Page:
Levin and Yuste in aeon:
Intelligent decision-making doesn’t require a brain. You were capable of it before you even had one. Beginning life as a single fertilised egg, you divided and became a mass of genetically identical cells. They chattered among themselves to fashion a complex anatomical structure – your body. Even more remarkably, if you had split in two as an embryo, each half would have been able to replace what was missing, leaving you as one of two identical (monozygotic) twins. Likewise, if two mouse embryos are mushed together like a snowball, a single, normal mouse results. Just how do these embryos know what to do? We have no technology yet that has this degree of plasticity – recognising a deviation from the normal course of events and responding to achieve the same outcome overall.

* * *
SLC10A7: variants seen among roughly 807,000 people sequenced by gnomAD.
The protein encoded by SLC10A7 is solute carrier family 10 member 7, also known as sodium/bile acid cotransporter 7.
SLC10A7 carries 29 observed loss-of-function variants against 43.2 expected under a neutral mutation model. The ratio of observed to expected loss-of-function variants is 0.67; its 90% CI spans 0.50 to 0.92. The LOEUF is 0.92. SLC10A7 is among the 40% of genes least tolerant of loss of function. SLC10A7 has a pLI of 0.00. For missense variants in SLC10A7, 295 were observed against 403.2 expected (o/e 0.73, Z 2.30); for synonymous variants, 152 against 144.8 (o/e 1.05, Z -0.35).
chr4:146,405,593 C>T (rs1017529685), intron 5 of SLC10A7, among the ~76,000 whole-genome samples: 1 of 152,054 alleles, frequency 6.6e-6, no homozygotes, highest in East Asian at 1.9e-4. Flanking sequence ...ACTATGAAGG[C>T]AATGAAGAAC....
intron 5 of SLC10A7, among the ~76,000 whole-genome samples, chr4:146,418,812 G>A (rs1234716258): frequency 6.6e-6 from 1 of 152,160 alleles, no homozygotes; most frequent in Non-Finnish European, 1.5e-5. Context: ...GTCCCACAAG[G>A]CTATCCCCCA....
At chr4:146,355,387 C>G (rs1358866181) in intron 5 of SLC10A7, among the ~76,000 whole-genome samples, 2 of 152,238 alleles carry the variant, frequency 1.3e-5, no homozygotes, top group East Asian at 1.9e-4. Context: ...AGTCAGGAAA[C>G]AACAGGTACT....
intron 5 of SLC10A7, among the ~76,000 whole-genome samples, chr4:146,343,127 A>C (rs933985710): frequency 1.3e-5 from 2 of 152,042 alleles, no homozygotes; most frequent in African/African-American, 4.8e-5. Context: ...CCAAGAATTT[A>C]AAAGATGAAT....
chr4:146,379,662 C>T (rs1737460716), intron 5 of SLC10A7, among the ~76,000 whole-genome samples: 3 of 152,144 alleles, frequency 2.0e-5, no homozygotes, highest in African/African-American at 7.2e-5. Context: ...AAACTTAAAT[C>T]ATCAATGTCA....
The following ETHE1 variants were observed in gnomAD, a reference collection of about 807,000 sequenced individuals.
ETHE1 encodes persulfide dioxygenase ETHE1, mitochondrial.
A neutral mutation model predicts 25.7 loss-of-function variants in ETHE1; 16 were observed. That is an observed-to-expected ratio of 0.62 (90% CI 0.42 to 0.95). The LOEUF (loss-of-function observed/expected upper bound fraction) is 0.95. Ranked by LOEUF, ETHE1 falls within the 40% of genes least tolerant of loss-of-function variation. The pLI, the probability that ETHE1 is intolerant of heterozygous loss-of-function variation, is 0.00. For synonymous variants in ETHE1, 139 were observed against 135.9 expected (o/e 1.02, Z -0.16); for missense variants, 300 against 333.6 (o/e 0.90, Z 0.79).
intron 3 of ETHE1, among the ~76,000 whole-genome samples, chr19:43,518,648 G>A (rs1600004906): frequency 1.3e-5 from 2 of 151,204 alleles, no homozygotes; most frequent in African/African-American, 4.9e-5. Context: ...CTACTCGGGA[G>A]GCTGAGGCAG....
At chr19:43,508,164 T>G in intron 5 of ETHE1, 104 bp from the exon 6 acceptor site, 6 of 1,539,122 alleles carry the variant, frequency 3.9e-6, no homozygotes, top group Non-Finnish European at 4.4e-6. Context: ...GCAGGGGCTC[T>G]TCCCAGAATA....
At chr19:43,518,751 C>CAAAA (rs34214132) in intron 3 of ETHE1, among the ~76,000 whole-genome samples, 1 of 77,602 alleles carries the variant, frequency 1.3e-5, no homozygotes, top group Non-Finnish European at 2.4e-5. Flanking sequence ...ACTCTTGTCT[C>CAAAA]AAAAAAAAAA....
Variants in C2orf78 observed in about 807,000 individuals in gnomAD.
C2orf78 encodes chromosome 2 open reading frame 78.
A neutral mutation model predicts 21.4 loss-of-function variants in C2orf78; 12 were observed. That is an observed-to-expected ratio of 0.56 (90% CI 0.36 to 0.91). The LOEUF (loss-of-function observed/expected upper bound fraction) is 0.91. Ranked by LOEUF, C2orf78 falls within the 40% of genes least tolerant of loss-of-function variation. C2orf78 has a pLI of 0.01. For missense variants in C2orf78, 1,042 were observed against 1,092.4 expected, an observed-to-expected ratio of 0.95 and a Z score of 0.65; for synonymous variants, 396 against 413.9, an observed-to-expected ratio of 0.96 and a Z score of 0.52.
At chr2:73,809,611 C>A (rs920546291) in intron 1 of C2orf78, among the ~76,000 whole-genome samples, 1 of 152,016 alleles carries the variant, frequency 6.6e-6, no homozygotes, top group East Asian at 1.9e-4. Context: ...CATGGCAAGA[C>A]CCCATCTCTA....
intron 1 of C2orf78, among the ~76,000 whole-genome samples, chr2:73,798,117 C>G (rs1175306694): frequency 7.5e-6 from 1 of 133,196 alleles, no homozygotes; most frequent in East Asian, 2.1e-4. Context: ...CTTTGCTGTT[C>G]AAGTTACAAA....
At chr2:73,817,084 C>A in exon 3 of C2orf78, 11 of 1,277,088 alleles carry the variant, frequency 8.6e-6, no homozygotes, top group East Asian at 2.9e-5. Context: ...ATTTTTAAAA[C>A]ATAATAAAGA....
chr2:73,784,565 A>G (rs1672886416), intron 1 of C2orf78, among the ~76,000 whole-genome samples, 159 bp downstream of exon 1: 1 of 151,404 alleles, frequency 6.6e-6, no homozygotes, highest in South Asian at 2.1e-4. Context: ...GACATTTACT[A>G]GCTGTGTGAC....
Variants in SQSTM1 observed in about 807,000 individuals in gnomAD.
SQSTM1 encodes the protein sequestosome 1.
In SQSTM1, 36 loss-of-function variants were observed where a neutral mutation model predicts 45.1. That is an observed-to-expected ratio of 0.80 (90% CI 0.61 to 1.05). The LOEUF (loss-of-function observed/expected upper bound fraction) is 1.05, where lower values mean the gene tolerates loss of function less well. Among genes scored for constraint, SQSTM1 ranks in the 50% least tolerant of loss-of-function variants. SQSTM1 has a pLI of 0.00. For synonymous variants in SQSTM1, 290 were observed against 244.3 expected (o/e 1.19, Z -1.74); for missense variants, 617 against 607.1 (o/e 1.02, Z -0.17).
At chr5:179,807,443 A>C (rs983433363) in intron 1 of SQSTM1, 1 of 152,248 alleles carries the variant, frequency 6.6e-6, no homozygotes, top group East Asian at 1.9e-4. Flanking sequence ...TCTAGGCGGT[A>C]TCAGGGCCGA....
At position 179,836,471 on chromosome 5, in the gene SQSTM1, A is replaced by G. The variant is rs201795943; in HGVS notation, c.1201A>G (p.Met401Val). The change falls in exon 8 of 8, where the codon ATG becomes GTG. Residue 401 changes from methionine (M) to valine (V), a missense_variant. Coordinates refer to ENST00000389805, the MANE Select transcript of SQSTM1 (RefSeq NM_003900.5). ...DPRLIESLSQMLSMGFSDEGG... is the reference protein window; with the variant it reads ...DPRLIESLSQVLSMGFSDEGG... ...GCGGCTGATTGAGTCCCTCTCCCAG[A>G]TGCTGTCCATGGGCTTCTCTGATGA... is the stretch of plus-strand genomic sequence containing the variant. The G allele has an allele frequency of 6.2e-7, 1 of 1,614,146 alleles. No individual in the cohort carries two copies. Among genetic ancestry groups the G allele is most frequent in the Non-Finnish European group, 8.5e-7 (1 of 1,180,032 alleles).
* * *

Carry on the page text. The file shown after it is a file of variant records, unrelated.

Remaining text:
This is intelligence in action: the ability to reach a particular goal or solve a problem by undertaking new steps in the face of changing circumstances. It’s evident not just in intelligent people and mammals and birds and cephalopods, but also cells and tissues, individual neurons and networks of neurons, viruses, ribosomes and RNA fragments, down to motor proteins and molecular networks. Across all these scales, living things solve problems and achieve goals by flexibly navigating different spaces – metabolic, physiological, genetic, cognitive, behavioural.
But how did intelligence emerge in biology?